Linden Lab focusing on higher-end systems for Second Life

Second Life's client software is being developed to take advantage of more powerful computers

A senior Linden Lab executive has indicated that Second Life's client software is being developed to take advantage of more powerful computers, but did not rule out future efforts involving low-end systems.

Ginsu Yoon, Linden Lab's VP of business affairs, told The Industry Standard in an interview last week that the "core part" of the Second Life experience were best shown on higher-end computing platforms.

"I know that there's a lot of theory in the industry that what you really ought to be focusing on is the light-weight experiences, Web-inventable experiences, you can run it on any machine, you can run it on mobile devices, or wi-fi networks," Yoon said. However, he said that virtual worlds was headed toward a richer experience requiring more powerful computers. "If you don't show the capabilities that are possible on the high end, I think that you don't really get an opportunity to develop toward where the world is going," he explained.

Yoon was responding to a question of whether Linden Lab was considering low-powered laptop computers called netbooks as platform for Second Life. Yoon acknowledged the increasing market share of laptops, and said that the rise of laptops -- and wireless networks -- had slowed Second Life's adoption. Users with less-powerful laptops and slower wireless connections often report difficulties using Second Life.

"There is a continued movement toward mobility," Yoon said. "And I think netbooks are a much smaller factor than, for example, iPhones, and more powerful handheld devices. ... Those things are certainly things that we are interested in the future. But it's not sort of the core of where we think we develop toward the leading edge."

Yoon dismissed the idea of the Second Life client being dropped in favor of browser-based access. "I know that the common refrain in the industry is 'Oh, it's got to be in a browser, everything has got to be in a browser,' he said. "But there are plenty of experiences that are in a browser, that are supposed to be in a 3D world, and that doesn't do it."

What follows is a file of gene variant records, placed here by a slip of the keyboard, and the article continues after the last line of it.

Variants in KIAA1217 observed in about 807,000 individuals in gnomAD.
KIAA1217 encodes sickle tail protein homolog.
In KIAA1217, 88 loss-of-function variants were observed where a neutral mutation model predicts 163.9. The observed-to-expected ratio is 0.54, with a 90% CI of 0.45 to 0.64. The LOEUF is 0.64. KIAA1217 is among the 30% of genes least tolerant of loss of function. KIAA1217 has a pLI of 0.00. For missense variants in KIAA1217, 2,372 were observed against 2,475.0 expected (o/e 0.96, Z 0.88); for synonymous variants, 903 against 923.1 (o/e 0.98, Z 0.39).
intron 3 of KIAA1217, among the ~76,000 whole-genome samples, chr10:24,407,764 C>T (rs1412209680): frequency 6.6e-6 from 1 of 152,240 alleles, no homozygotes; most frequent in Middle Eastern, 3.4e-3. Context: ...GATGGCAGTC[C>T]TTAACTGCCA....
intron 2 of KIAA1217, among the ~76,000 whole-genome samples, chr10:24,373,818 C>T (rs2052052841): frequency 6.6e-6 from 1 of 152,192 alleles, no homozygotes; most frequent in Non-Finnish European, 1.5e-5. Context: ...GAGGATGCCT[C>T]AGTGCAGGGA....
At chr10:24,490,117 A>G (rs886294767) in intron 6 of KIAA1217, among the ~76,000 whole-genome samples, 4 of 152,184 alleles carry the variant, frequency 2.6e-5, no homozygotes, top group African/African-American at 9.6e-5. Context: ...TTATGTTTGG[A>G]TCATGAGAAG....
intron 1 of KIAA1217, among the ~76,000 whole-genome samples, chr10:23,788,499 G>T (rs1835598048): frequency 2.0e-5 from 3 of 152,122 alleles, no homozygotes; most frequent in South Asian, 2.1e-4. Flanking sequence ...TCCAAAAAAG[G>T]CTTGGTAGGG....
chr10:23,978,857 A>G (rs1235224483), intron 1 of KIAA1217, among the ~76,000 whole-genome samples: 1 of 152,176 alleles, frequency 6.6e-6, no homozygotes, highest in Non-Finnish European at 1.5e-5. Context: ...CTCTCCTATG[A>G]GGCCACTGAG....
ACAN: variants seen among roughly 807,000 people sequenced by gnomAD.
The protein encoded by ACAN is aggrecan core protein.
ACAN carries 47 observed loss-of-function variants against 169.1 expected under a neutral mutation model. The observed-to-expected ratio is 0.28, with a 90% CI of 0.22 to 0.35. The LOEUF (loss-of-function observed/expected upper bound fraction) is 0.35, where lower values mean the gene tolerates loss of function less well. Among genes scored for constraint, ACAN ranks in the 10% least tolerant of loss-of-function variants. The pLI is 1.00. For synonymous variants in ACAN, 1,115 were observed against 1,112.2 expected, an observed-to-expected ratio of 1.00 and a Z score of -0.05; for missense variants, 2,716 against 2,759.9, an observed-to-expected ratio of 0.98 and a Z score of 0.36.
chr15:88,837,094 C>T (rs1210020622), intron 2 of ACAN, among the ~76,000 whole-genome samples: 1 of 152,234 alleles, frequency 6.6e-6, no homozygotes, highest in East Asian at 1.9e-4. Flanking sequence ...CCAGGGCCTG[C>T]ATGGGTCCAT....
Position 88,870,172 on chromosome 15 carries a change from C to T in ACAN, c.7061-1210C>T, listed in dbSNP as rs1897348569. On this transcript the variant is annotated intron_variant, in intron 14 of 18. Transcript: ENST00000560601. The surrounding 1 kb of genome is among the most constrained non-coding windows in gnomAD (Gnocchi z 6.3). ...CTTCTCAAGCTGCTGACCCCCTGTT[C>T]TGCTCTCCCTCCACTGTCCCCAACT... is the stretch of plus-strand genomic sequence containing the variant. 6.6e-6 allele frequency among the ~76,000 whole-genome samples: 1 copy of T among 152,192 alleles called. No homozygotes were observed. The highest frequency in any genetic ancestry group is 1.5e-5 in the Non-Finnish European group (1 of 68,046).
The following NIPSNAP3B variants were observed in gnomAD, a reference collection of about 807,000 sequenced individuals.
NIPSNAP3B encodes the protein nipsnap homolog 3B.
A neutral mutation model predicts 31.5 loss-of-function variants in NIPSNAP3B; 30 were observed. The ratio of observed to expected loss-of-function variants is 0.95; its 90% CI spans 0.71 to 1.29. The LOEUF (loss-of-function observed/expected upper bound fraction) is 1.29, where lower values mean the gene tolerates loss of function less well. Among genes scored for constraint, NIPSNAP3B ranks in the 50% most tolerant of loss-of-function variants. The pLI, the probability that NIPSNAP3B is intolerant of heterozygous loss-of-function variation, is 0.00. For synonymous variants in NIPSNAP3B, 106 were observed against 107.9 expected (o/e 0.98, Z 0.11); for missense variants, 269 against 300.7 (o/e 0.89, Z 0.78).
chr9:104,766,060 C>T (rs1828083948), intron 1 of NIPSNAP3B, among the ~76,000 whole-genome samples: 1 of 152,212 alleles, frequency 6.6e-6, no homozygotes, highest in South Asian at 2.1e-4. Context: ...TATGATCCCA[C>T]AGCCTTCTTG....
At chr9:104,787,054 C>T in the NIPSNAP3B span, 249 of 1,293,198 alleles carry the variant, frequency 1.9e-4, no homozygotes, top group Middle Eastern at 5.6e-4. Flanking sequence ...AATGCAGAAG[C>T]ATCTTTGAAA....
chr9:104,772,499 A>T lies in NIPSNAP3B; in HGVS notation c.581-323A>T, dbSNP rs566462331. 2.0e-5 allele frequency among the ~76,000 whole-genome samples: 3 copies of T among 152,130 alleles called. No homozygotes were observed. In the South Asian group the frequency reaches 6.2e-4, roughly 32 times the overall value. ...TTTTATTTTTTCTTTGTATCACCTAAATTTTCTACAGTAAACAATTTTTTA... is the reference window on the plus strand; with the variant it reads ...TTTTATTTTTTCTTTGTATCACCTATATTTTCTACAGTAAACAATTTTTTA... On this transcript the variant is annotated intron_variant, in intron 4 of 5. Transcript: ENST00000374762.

However, Yoon expressed interest in new types of input devices. "your interaction with the computing environment is not always going to be about a monitor, a keyboard, and a mouse," he said. "You will have more natural interactions, in terms of gestural interface and the kinds of things that lend themselves very well to interacting in a 3d environment." Yoon predicted "Minority Report-type interfaces" using 3D cameras to translate the movements of users' hands in a virtual world, as well as brainwave devices to control avatars' movements in-world.

Join the newsletter!

Or

Sign up to gain exclusive access to email subscriptions, event invitations, competitions, giveaways, and much more.

Membership is free, and your security and privacy remain protected. View our privacy policy before signing up.

Error: Please check your email address.

Tags second lifevirtual worlds

Keep up with the latest tech news, reviews and previews by subscribing to the Good Gear Guide newsletter.

Ian Lamont

The Industry Standard
Show Comments

Most Popular Reviews

Latest Articles

Resources

PCW Evaluation Team

Tom Pope

Dynabook Portégé X30L-G

Ultimately this laptop has achieved everything I would hope for in a laptop for work, while fitting that into a form factor and weight that is remarkable.

Tom Sellers

MSI P65

This smart laptop was enjoyable to use and great to work on – creating content was super simple.

Lolita Wang

MSI GT76

It really doesn’t get more “gaming laptop” than this.

Jack Jeffries

MSI GS75

As the Maserati or BMW of laptops, it would fit perfectly in the hands of a professional needing firepower under the hood, sophistication and class on the surface, and gaming prowess (sports mode if you will) in between.

Taylor Carr

MSI PS63

The MSI PS63 is an amazing laptop and I would definitely consider buying one in the future.

Christopher Low

Brother RJ-4230B

This small mobile printer is exactly what I need for invoicing and other jobs such as sending fellow tradesman details or step-by-step instructions that I can easily print off from my phone or the Web.

Featured Content

Don’t have an account? Sign up here

Don't have an account? Sign up now

Forgot password?